Central American Ombudsmen Agree to Establish Early Warning System for Genocide Prevention

NEW YORK, March 25, 2013 – The Central American Council of Human Rights Ombudsmen agreed to establish an early warning system for genocide prevention during its 46th plenary conference, held March 18–20 in Panama City, Panama.

The early warning system was presented to the Council jointly by the Auschwitz Institute’s Latin American Program Coordinator, Christopher Kousouros, and a delegation from the Paraguayan Office of the Ombudsman.

The primary agenda for the conference was policy development on genocide and mass atrocity prevention, and sexual diversity in Central America. Participating were the ombudsmen from Belize, Panama, El Salvador, and Costa Rica.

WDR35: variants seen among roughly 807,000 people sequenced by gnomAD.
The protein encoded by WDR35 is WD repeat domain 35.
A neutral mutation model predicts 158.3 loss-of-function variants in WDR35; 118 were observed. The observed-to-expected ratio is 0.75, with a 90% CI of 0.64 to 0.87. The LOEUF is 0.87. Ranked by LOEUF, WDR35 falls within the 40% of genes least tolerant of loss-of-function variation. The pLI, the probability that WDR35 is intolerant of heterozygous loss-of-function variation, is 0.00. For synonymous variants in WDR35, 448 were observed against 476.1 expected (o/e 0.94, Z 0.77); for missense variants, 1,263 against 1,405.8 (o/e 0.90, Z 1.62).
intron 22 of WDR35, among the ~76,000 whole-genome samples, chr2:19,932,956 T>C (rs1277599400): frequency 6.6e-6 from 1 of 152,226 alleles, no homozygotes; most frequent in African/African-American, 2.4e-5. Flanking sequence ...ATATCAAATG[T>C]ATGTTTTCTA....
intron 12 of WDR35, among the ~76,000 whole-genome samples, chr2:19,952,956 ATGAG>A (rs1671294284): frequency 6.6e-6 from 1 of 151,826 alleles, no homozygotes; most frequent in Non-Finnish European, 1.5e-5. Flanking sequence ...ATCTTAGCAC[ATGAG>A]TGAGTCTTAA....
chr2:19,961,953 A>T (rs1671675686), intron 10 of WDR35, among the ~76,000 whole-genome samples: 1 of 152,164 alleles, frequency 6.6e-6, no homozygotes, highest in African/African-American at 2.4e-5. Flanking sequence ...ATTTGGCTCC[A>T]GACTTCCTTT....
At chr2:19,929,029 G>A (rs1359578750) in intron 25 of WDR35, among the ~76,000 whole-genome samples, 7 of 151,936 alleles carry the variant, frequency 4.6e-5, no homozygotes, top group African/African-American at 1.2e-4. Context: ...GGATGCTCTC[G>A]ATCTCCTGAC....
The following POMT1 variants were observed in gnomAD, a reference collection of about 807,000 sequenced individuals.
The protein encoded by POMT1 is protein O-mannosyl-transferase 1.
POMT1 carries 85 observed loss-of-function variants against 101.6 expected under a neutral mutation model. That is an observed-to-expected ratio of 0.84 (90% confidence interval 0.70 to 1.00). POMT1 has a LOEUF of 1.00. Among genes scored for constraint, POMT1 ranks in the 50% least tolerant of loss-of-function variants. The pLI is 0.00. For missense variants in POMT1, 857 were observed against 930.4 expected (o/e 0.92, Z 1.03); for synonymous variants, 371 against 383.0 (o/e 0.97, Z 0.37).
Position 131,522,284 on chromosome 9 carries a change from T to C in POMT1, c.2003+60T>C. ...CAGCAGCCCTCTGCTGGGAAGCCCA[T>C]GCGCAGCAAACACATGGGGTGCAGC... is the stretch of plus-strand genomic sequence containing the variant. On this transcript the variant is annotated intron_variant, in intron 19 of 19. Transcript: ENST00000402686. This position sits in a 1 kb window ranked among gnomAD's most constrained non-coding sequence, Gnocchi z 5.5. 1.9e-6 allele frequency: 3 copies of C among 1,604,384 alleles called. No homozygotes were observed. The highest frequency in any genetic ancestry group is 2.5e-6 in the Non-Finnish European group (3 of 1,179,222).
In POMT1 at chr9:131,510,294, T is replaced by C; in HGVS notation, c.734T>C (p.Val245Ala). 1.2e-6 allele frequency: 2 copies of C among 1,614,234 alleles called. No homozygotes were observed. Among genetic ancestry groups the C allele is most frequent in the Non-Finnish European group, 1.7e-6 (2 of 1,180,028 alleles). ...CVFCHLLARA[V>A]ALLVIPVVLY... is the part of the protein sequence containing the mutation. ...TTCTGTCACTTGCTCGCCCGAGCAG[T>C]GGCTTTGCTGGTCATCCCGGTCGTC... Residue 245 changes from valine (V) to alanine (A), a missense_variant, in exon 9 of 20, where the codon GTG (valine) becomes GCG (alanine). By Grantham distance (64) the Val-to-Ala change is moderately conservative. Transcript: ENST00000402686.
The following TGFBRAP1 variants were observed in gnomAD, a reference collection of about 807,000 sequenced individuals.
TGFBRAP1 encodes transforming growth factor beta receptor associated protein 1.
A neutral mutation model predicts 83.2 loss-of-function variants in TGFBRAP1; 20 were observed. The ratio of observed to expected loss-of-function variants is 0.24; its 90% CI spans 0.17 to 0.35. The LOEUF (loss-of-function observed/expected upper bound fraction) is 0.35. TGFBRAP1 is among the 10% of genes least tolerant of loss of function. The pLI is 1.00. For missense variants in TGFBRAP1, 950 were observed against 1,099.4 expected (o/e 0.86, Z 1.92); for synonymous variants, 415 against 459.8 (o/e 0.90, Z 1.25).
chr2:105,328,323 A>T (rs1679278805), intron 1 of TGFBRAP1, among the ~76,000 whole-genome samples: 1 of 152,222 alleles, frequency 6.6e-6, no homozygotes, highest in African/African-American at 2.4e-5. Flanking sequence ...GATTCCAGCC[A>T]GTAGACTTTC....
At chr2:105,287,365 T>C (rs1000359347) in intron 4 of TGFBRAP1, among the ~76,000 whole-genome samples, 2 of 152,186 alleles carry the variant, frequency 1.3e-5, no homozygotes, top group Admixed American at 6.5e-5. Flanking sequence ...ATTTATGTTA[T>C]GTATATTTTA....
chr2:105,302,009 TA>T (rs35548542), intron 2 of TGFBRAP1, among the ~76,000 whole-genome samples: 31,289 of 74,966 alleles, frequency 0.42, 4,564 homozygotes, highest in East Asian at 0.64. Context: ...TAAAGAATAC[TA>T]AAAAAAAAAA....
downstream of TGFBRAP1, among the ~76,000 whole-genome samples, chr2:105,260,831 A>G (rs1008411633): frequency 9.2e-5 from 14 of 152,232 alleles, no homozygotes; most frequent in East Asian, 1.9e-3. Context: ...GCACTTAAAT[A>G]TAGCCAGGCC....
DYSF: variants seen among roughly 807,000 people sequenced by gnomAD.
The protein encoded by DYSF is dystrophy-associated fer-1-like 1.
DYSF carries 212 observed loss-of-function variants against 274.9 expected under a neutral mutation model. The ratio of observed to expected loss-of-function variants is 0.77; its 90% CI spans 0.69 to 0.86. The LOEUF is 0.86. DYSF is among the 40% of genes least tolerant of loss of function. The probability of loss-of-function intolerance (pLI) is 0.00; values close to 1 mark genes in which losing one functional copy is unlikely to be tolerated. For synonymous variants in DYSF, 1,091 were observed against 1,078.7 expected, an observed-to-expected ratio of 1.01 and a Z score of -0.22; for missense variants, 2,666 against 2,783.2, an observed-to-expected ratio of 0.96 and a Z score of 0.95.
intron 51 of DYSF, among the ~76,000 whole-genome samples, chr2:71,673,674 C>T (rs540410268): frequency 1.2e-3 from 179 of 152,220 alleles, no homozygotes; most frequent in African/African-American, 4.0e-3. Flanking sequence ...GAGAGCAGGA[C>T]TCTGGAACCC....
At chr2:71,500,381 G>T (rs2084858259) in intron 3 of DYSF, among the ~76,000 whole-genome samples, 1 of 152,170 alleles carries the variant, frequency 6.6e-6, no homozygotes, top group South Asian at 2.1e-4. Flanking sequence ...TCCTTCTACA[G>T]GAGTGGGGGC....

The ombudsmen agreed to work in cooperation with the United Nations Office on Genocide Prevention and the Responsibility to Protect to establish the early warning system, to participate actively in the Latin American Network for Genocide and Mass Atrocity Prevention (“La Red”), and to inform their governments about the Network and its activities.

An ombudsman is a public official charged with investigating human rights violations. Ombudsmen may be elected democratically or appointed by the government.

All seven member states of the Central American Council of Human Rights Ombudsmen — Belize, Guatemala, Nicaragua, Honduras, El Salvador, Costa Rica, and Panama — agreed to participate in these initiatives, both individually and as a regional body.